FIG. 5 illustrates the vacuum drum 74 employed in the apparatus of FIG. 1. As already mentioned, this drum has a 21 inch circumference and accommodates sheets of ZnO-coated paper which are 19 inches long. The leading and trailing edges of a sheet are therefore spaced 2 inches apart on the drum. The drum surface is 12 inches wide to accommodate 11 inch wide sheets.
The sheets of coated paper are brought into intimate physical contact with the drum by vacuum applied through apertures 124 on the drum surface. The drum is hollow and the interior is evacuated through the end opening 126, for example to 15 inches of water, gauge pressure. The apertures are 1/16 inch in diameter and are spaced 1/2 inch apart near the leading and trailing edges of the paper sheet and 1 inch aperture elsewhere. This arrangement insures that the paper will be held at the constant spacing from the scorotron for uniform charging, at a constant position with respect to the imaging system for proper focus, and at a constant spacing from the toner shoe in the developing device for a uniform electric field.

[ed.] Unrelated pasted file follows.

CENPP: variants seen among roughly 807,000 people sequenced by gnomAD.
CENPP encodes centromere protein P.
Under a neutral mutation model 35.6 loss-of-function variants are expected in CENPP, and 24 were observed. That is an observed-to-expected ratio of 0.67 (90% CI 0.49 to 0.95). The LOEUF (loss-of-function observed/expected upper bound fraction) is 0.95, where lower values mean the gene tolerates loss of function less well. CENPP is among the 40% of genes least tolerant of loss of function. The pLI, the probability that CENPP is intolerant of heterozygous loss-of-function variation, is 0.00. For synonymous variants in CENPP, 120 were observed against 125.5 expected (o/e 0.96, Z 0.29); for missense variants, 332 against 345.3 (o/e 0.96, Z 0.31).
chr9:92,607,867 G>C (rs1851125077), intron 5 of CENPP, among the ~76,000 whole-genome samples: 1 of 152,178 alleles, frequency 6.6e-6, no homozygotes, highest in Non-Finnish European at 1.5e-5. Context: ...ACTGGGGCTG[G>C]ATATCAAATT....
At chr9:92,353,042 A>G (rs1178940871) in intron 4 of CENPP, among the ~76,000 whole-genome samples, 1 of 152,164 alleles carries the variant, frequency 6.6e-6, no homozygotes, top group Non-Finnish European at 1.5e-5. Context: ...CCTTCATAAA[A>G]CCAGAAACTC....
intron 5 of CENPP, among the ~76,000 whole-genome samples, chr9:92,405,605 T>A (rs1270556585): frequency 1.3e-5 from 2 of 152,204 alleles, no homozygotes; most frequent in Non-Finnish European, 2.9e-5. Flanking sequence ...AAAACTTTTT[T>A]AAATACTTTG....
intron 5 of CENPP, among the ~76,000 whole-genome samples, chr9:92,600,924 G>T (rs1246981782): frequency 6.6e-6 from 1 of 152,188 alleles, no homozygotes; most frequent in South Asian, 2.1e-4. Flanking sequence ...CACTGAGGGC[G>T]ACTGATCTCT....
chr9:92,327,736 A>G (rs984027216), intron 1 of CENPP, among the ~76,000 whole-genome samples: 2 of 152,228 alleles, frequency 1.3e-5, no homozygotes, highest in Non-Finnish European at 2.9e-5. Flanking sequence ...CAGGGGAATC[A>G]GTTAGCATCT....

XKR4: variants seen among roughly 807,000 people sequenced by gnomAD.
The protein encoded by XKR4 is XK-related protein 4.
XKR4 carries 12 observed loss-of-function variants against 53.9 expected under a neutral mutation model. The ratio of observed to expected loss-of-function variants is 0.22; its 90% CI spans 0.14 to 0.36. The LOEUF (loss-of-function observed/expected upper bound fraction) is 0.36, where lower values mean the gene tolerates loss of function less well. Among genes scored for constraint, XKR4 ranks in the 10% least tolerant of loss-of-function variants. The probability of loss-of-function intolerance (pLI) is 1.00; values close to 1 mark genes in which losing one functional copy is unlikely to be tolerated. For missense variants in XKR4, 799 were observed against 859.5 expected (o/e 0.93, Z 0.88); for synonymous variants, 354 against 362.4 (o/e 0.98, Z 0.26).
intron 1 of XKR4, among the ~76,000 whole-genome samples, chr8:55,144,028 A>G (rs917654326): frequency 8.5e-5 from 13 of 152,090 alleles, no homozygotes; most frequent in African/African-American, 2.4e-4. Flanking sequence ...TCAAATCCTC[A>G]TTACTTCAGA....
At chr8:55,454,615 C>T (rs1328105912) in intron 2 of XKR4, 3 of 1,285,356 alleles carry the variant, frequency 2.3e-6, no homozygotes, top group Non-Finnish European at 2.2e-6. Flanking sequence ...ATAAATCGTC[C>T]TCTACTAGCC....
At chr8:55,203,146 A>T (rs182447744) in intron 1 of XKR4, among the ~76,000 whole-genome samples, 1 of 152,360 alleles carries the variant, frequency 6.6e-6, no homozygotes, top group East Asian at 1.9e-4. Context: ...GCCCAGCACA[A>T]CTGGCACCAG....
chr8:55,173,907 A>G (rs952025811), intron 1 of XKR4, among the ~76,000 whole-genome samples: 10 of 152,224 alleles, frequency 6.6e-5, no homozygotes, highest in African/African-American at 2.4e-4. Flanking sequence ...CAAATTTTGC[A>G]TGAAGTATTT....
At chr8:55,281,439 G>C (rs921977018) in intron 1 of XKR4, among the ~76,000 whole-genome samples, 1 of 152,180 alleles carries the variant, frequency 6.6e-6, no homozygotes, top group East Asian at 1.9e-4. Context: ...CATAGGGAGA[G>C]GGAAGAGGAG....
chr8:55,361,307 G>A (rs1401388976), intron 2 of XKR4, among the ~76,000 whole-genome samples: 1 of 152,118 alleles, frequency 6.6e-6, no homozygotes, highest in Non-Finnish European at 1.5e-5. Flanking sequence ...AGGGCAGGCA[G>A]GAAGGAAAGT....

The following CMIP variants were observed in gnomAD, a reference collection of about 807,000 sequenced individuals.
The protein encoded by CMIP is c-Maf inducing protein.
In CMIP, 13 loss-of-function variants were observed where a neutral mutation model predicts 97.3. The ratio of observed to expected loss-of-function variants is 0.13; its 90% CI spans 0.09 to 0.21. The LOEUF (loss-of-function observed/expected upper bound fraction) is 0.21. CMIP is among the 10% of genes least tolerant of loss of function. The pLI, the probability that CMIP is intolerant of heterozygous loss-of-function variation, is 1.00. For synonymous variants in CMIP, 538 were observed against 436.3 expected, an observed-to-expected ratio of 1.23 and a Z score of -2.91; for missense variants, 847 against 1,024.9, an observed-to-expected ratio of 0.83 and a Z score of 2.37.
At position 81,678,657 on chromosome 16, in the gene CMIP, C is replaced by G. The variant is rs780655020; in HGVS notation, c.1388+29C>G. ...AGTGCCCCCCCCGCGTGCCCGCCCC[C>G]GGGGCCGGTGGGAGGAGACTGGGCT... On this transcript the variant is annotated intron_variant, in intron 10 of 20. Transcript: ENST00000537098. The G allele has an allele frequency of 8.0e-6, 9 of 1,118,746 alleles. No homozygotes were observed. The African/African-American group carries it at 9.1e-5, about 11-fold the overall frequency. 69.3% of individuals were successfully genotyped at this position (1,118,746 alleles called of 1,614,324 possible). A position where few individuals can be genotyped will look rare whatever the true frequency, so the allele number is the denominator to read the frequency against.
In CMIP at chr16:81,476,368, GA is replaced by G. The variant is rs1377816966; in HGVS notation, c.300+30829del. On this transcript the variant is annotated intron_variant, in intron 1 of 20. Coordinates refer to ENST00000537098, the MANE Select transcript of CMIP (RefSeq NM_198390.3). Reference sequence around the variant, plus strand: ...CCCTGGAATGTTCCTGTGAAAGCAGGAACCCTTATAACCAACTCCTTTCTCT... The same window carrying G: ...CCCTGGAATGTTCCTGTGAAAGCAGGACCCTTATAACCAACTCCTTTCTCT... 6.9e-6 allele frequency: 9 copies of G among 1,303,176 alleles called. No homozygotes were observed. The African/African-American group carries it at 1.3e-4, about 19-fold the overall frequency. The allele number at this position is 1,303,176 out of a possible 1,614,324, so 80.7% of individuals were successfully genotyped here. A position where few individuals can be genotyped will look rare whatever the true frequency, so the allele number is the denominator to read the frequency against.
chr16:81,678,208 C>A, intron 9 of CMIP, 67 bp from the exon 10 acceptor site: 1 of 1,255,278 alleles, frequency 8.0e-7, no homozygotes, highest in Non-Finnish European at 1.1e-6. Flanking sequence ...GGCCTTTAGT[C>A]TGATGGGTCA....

FIGS. 6A and 6B illustrate the prewetting device employed in the apparatus of FIG. 2. FIG. 6A shows the prewetting roller which is typically made of Delrin and provided with closely spaced serrations 130 which carry the liquid dispersant. The prewetting roller has rubber "tires" 132 that contact the surface of the drum when the prewetting device is in operation. As shown in FIG. 6B, these tires define the distance 134 between the prewetting roller 128 and the drum 74. Preferably, this distance is approximately 0.015 inches. As indicates in FIG. 6B, the prewetting roller 128 may be moved toward or away from the drum 74 by a solenoid 136 which acts on a pivot arm 138.